Last Updated: 19 May 2021
I think something much simpler is going on. It’s a trend I see happening here in the United States, just as surely as it’s happening in Europe. With ETFs taking an increasing share of investor assets, managers charged with protecting a bank’s delta one desk are launching ETFs…because everyone else is doing it too.
Dan Draper is right when he points out in your blog that a line-up of ETFs costs very little to maintain. A few million dollars will suffice to get your products up and trading on the market.
But I don’t buy his argument that banks are launching ETFs to capitalise on dividend-related tax arbitrage or to justify an OTC derivatives business. You run into a chicken-and-the-egg problem. If a bank launches a line of ETFs that is unsuccessful, it won’t have sufficient assets to support much in the way of derivatives, or to provide much in the way of a profit centre for dividend-related tax arbitrage.
All the ancillary benefits Draper outlines are predicated on having significant assets in the ETF family, and if you have significant assets in the ETF family, it’s likely turning a profit on its own. The ancillary benefits are…well…ancillary.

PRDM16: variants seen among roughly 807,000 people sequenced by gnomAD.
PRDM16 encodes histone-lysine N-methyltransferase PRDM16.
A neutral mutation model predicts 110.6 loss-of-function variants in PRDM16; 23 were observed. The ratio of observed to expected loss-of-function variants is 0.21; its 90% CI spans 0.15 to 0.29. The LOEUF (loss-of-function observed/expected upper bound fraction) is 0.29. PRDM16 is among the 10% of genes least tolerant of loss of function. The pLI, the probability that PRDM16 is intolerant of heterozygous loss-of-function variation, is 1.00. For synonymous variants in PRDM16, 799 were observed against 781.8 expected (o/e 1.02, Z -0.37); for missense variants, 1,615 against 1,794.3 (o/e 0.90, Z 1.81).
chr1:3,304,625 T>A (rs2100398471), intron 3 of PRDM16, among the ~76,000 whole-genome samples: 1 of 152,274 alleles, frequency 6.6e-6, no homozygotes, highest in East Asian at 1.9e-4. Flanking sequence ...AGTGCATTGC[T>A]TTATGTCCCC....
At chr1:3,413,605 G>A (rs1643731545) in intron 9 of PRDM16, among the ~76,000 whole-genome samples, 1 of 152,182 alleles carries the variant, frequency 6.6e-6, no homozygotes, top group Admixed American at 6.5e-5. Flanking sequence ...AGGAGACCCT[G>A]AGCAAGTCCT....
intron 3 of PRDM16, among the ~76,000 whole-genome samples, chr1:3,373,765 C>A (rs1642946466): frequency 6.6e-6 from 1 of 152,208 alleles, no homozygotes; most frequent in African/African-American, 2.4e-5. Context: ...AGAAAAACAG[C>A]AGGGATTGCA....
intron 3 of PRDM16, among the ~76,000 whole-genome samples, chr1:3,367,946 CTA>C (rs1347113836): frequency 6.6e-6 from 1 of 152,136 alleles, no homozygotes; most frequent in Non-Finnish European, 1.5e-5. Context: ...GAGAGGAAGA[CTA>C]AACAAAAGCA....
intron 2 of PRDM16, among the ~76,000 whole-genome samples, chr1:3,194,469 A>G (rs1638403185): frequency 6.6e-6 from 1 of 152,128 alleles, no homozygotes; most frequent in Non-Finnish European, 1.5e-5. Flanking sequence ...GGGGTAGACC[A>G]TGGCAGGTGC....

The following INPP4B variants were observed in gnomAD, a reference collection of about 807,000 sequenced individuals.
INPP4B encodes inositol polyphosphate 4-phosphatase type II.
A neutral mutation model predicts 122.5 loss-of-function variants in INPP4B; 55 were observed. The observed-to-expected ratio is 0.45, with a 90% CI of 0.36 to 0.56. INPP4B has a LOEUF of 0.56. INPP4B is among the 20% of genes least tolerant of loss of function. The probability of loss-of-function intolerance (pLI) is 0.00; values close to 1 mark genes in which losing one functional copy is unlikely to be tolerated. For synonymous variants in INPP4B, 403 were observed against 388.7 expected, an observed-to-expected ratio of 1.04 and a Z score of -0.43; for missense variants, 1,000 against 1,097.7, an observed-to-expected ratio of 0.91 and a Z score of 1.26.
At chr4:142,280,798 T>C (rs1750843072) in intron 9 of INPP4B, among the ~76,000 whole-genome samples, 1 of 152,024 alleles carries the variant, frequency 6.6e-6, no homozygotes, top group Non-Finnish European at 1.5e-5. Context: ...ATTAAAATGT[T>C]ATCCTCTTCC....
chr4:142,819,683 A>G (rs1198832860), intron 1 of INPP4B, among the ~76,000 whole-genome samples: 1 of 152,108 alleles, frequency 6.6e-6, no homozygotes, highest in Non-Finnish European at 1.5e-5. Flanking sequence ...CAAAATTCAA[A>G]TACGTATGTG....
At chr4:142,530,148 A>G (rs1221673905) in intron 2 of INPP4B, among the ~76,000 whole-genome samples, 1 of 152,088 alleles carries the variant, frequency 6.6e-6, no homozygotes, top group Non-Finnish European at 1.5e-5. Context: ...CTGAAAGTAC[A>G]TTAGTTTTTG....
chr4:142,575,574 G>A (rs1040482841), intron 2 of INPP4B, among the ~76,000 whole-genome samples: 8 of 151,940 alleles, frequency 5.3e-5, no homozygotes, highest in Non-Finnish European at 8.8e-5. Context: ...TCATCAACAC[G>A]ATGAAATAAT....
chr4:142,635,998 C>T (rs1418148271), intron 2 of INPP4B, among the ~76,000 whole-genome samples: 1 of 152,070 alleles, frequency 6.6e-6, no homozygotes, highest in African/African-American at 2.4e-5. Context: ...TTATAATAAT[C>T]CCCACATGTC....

That’s why you hear rumours of various ETF line-ups being closed down in Europe, because despite Draper’s suggestion, they do cost some money to run and banks aren’t in the business of losing money.
I think what’s happening is quite simple. Banks are watching the flood of assets into ETFs and saying to themselves, I wanna get me a piece of that. They figure they can run a Dow Jones Euro Stoxx 50 ETF just as well as the next guy, and they hate to see their clients putting money into competitors’ products. They figure they’ll launch their own products and hope that simply standing in front of the wave of assets will translate into product inflows.
There’s also, I think, an element of career protection here. No one wants to be the guy at a bank who failed to greenlight an ETF line-up—not when they are growing at 30%-40% per year. It’s riskier, in some ways, not to launch a family of ETFs.
Finally, there is a degree of optionality at work here. There’s a chance that new regulations like the UK’s Retail Distribution Review will drive a significant jump in ETF growth. Again, banks don’t want to be caught flat-footed if that happens.
I’m sure Draper’s right that banks gain a lot of side benefits from having ETFs. But I don’t believe that they are launching ETF families as loss-leaders. To gain those benefits, the ETFs have to be successful. And if they’re successful…well, the ETFs will stand on their own.